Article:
A major showdown is coming Tuesday, when American voters make their presidential choice. What's a showdown?
It is political slang that requires some explaining for international audiences, says David Burke, an author and host of the TV show "Slangman's World."
"A 'showdown' comes from the Westerns where you have a cowboy tell another cowboy, 'This town isn't big enough for both of us,'" he told VOA. "Then the two cowboys go outside, take 20 steps away from each other, and they shoot. ... The one standing is the winner."
The presidential election happens much the same way, minus the "six-shooters," he said.
The candidates have spent many months "on the stump" or "stumping." That term comes from the early days of the American republic.
"Imagine that you're going town to town by wagon or horse," said Grant Barrett, compiler of the Oxford Dictionary of American Political Slang and co-host of the radio show "A Way with Words." "And you're looking for a place that you can speak to the general public. ... You may literally find yourself standing on a [tree] stump."
Candidates today may mount a stage or makeshift platform, but making a campaign speech from town to town is still called "stumping."
Between the lines
Candidates appeal to voters on a broad range of issues, and some make veiled appeals through a "dog whistle" strategy that conveys a message "between the lines," directed to specific listeners.
"Let's say that if you talk about [mandatory school] busing in American politics, it immediately calls to mind racial issues or inner-city strife," Barrett said. The reference brings up debates about school choice, equality and race. Through this strategy, he adds, politicians can make appeals on controversial issues without addressing them head-on.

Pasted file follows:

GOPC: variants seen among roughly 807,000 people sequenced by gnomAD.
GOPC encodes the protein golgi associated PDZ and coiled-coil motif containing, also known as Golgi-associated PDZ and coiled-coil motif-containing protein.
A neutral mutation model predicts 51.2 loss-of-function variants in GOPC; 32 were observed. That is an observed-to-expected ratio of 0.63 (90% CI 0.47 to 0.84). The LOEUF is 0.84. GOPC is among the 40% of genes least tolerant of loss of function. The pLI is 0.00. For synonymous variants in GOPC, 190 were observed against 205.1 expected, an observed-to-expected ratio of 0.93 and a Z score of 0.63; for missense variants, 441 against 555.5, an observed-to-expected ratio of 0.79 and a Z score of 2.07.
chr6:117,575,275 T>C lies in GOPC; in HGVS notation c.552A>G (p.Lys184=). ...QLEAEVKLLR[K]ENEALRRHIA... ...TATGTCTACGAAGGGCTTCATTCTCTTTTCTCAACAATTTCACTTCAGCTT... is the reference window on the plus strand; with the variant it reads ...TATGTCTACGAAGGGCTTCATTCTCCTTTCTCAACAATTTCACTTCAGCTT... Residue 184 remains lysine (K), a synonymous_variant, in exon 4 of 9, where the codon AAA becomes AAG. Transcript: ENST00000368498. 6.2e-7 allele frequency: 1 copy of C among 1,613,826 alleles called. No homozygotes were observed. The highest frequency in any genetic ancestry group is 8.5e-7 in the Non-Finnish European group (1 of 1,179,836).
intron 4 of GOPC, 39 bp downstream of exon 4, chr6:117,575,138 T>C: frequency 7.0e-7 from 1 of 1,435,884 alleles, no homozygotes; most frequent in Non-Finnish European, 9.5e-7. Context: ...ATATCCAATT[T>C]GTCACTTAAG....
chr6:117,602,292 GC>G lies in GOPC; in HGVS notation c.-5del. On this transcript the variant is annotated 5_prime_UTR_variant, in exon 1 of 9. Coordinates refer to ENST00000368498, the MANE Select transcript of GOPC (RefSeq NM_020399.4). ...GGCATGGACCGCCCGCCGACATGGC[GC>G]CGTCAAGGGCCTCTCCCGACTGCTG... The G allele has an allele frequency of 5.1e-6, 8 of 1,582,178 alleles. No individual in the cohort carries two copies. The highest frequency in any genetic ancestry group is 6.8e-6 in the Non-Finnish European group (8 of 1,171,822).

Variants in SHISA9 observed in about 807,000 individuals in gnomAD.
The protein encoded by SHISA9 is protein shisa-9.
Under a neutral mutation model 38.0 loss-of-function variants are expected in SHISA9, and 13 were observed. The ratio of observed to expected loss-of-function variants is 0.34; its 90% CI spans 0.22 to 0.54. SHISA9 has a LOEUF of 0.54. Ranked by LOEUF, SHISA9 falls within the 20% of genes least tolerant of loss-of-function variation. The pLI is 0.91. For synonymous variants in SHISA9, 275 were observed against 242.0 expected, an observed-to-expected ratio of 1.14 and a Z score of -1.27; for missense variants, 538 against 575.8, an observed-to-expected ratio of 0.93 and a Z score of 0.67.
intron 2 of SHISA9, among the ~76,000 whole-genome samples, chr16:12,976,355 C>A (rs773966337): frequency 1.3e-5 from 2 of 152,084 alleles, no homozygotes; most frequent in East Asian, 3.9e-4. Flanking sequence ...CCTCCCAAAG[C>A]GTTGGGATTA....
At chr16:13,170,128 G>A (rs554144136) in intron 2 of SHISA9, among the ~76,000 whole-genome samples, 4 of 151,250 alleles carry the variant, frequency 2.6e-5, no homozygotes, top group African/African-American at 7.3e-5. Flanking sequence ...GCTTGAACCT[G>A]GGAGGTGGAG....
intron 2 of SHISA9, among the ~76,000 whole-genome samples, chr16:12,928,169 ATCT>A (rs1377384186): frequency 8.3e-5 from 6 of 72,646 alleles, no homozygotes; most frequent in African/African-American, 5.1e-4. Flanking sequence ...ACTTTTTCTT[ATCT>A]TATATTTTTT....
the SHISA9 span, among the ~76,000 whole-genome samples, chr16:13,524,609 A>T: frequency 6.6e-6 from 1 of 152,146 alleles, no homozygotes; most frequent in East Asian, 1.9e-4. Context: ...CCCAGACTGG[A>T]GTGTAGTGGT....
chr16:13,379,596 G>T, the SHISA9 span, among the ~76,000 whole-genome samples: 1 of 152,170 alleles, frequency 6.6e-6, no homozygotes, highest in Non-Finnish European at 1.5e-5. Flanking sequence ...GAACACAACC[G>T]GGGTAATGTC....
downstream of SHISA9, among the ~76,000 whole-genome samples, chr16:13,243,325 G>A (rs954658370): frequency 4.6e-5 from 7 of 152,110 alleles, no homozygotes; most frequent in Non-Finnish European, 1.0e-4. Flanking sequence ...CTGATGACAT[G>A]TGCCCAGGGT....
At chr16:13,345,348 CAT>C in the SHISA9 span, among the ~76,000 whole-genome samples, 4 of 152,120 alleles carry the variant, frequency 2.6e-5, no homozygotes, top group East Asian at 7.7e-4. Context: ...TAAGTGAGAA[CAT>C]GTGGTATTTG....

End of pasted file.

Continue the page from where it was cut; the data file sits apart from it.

The "gloves are off" in the final days of this campaign and both sides are "playing hardball." These are images from sports to describe aggressive tactics in the "presidential horse race."
This campaign, more than many others, has been noted for "mudslinging," which means insulting people. "This is an election where there's a lot of mudslinging," Burke said.
Red, blue, purple
U.S. presidents are elected on a winner-take-all basis in all but two states, Nebraska and Maine, which allocate electoral votes proportionally. There are red states (Republican) and blue states (Democrat). The colors are arbitrary, but have been commonly applied since the 2000 election, when they were used in graphic maps on television. States with that can go either way, called "swing" or "battleground" states, are often shown as purple.
While every language has its slang, the English-speaking world has no official body to discourage its use, as France does.
"So you'll find it on all levels of discourse—in American life, British life, Australian, Indian, New Zealand and so forth," Barrett said.
These specialized idioms thrive in politics, where both sides are hoping for a "landslide" victory. No one is sure how an avalanche of soil crashing down a mountainside came to describe an overwhelming win. But Burke says this year, either side will settle for a win "by a whisker" or "a hair"—that is, a narrow margin.